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Podcast: How to Have Clear and Healthy Skin, by Dr. Ben Kim
Posted by Dr. Ben Kim on Jun 23, 2011
This podcast is an audio recording of an article that I wrote on natural principles of skin care. Included below is a copy of the original article.
Before we take a close look at how to use principles of natural skin care to promote clear and healthy skin, please consider the following facts about your skin:
You lose millions of dead skin cells every day - about 30,000 to 40,000 dead skin cells are sloughed off of your body every minute. Over the course of your life, you will shed about 40 pounds (18 kilograms) of dead skin.
Your body is constantly generating new skin cells to replace the ones that you shed off. In fact, the top layer of your skin, called your epidermis - is fully replaced about once every 30 days.
Your skin accounts for as much as 15 percent of your entire body weight.
Every day, about 2.5 million sweat glands in your skin secrete about 2 cups of sweat.
Anatomy of Your Skin
Make no mistake about it: your skin is a complex organ, one that consists of three layers that are optimally organized to protect you against disease and injury. These layers are called your epidermis, dermis, and hypodermis, and they're described below.
The uppermost layer of your skin - the one that is in contact with the air - is called your epidermis. Your epidermis is actually composed of five different layers. The bottommost layer of your epidermis is called the basal layer, and as your basal layer produces new skin cells, they move up toward the surface, where they are eventually sloughed off as dead skin.
Your epidermis houses cells called melanocytes that produce melanin, which provides some protection against ultraviolet rays, and also partly determines the color of your skin.
Below your epidermis lies a thicker layer called your dermis. In contrast to your epidermis, which is constantly replacing itself, your dermis remains pretty much the same throughout your life. Your dermis houses a number of structures, the most prominent ones being:
Blood vessels, which allow delivery of nutrients to your skin cells, removal of waste products, and transportation of specialized cells of your immune system whenever they are needed to combat an infection.
Lymphatic vessels, which provide a transportation network for immune-related cells, and also balance the distribution of fluids throughout your body.
Nerve endings, which allow you to sense pain, temperature changes, and different pressures and textures through your skin.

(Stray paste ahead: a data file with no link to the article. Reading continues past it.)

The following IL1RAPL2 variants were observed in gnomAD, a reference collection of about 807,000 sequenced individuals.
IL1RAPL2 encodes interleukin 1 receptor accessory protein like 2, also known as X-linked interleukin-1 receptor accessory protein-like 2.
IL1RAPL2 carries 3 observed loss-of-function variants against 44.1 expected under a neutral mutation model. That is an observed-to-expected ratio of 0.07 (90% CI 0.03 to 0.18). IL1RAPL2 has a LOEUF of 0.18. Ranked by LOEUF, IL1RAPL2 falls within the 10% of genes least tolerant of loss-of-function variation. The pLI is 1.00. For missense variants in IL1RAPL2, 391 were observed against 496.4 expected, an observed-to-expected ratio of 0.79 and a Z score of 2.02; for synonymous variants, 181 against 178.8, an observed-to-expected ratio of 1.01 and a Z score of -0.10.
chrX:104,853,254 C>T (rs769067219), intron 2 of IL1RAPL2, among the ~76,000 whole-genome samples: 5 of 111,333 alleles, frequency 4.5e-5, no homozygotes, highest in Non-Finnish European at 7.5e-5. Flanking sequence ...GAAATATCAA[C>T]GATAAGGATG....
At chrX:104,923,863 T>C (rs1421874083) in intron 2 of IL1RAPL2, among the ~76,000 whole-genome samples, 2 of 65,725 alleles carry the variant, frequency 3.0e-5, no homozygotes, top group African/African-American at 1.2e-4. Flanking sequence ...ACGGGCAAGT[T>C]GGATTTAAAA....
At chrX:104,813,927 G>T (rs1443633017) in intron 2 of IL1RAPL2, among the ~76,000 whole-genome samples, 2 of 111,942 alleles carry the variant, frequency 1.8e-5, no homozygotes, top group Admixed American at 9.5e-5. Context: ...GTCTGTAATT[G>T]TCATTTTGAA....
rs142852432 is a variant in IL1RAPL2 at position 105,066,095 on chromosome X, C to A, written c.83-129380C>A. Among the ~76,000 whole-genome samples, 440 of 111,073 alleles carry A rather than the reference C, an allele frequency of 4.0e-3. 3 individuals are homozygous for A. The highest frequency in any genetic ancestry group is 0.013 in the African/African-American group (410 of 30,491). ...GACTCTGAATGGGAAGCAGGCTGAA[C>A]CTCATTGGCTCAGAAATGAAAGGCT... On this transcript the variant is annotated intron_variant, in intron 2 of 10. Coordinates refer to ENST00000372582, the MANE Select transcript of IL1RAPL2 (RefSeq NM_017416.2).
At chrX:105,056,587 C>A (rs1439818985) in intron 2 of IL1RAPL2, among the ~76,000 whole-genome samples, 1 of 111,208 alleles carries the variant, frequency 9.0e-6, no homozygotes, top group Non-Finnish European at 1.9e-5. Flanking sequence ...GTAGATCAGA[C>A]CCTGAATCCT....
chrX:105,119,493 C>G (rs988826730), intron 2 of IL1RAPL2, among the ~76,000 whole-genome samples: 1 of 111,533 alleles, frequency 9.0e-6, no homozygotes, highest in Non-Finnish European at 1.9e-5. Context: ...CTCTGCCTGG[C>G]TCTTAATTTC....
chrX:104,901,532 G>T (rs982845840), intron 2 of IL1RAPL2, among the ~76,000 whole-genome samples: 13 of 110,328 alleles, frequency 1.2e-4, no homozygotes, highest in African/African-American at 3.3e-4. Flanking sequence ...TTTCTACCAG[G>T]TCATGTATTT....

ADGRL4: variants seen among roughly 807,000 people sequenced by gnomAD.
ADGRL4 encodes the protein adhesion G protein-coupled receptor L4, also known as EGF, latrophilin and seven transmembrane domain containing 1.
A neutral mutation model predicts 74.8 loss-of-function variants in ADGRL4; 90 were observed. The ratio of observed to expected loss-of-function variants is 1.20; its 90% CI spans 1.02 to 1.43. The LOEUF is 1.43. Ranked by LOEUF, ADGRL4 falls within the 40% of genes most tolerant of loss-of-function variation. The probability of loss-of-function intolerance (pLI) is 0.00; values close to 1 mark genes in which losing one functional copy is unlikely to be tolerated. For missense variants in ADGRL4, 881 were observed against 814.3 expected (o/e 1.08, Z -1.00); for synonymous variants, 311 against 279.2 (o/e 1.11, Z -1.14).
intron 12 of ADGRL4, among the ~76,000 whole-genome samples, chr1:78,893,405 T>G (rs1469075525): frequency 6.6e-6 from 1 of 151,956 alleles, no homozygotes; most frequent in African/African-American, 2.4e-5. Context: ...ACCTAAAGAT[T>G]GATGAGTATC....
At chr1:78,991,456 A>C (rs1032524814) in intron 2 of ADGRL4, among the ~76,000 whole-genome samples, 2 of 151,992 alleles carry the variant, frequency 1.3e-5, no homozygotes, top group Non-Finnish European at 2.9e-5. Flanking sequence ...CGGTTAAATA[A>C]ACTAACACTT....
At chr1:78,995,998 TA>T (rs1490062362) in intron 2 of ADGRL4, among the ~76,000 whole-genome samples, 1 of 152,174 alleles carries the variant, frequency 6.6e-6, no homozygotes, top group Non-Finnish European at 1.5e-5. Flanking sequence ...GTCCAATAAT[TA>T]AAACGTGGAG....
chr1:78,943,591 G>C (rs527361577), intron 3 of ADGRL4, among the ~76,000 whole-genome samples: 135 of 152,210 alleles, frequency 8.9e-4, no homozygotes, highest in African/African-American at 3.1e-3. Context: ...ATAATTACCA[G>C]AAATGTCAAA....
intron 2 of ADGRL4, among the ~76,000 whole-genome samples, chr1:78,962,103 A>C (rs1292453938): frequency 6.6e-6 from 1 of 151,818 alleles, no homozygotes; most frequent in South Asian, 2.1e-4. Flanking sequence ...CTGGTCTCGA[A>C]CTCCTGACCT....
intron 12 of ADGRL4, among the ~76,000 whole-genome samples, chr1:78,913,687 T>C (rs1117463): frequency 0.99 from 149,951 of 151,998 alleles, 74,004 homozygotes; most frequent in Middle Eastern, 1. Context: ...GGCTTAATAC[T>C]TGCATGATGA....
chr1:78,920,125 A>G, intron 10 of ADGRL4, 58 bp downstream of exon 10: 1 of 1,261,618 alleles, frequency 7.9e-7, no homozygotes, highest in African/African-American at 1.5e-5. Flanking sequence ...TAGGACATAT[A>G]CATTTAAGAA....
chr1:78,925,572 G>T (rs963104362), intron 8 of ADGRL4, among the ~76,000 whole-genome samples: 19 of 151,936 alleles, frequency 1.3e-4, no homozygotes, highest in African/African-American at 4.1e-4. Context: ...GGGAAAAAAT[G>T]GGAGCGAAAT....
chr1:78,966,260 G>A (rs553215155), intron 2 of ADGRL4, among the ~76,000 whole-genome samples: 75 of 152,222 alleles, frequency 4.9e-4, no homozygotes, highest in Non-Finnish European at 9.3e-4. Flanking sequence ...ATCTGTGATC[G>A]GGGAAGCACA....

Hair follicles, which are the roots of the hairs that exist throughout your scalp and skin, except on the palms of your hands and the soles of your feet.
Sebaceous glands, which produce and secrete sebum, an oily substance that helps to protect you against infection and helps to make your skin water resistant.
Sweat glands, which produce and secrete sweat.
Collagen, which is a protein that gives your skin strength and flexibility.
Elastin, which is a protein that gives your skin the ability to return to its original shape whenever it is manipulated.
Hypodermis (Subcutaneous tissues)
Below your dermis is a layer that consists mainly of fat, and is called your hypodermis or subcutaneous layer. Your hypodermis isn't technically a part of your skin, but it's essential to anchoring your skin to the tissues that lie below your epidermis and dermis - these deeper tissues are usually your muscles, and sometimes your bones.
Together, the three layers described above form skin that varies in thickness throughout your body. Your skin is thinnest above your eyelids, and is thickest on the heels of your feet and palms of your hands.
How Your Skin Keeps You Healthy
Being the largest organ in your body, your skin plays a number of critical roles in keeping you healthy, the most important ones being:
Physical barrier for protection - the most important function of your skin is to prevent harmful microorganisms from entering your blood. Your skin accomplishes this through three main features:
The way in which its cells are tightly organized.
- Regular production of sebum.
- The presence of large colonies of friendly bacteria that produce a number of substances that destroy unfriendly organisms - this is why using anti-bacterial soap is a bad idea.
Regulator of body fluids and temperature - your skin helps to regulate body fluid balance, pH balance, and your core temperature by manipulating its blood supply and sweat production.
Channel for elimination of waste products - through your sweat glands, your skin eliminates waste materials like urea, toxic metals, and excess lactic acid that is created by overworked muscles.
Physical protection and detection of dangerous stimuli - your skin provides a layer of cushion for the rest of your body, protecting it against injury. Your skin also allows you to sense danger (hot temperatures, sharp objects, too much pressure, etc.) through sensory receptors that are located throughout your body - mainly in your hands, feet, and lips.
Natural Skin Care Tips - How to Keep Your Skin Clear and Healthy
Be Gentle When You Wash and Scrub Your Skin
Many people are led to believe that aggressive scrubbing of their skin with a rough towel can help remove waste material and toxins from their skin. Abrasive scrubbing does not promote healthy skin; in the vast majority of cases, it actually worsens skin tone and health because it leads to damage of one or more structures in the epidermis, dermis, and hypodermis.
Your skin is well designed to cleanse itself from the inside out if your diet and lifestyle are health-promoting. Be gentle when you wash your skin, and pat-dry with a soft towel.
Do Not Use Anti-Bacterial Soap
Millions of friendly bacteria live on your skin; these bacteria take up room and resources, making it difficult for unfriendly bacteria to establish colonies on your skin. Friendly bacteria in your skin also produce various substances, including fatty acids, peroxides, and bacteriocins that protect you against unfriendly bacteria.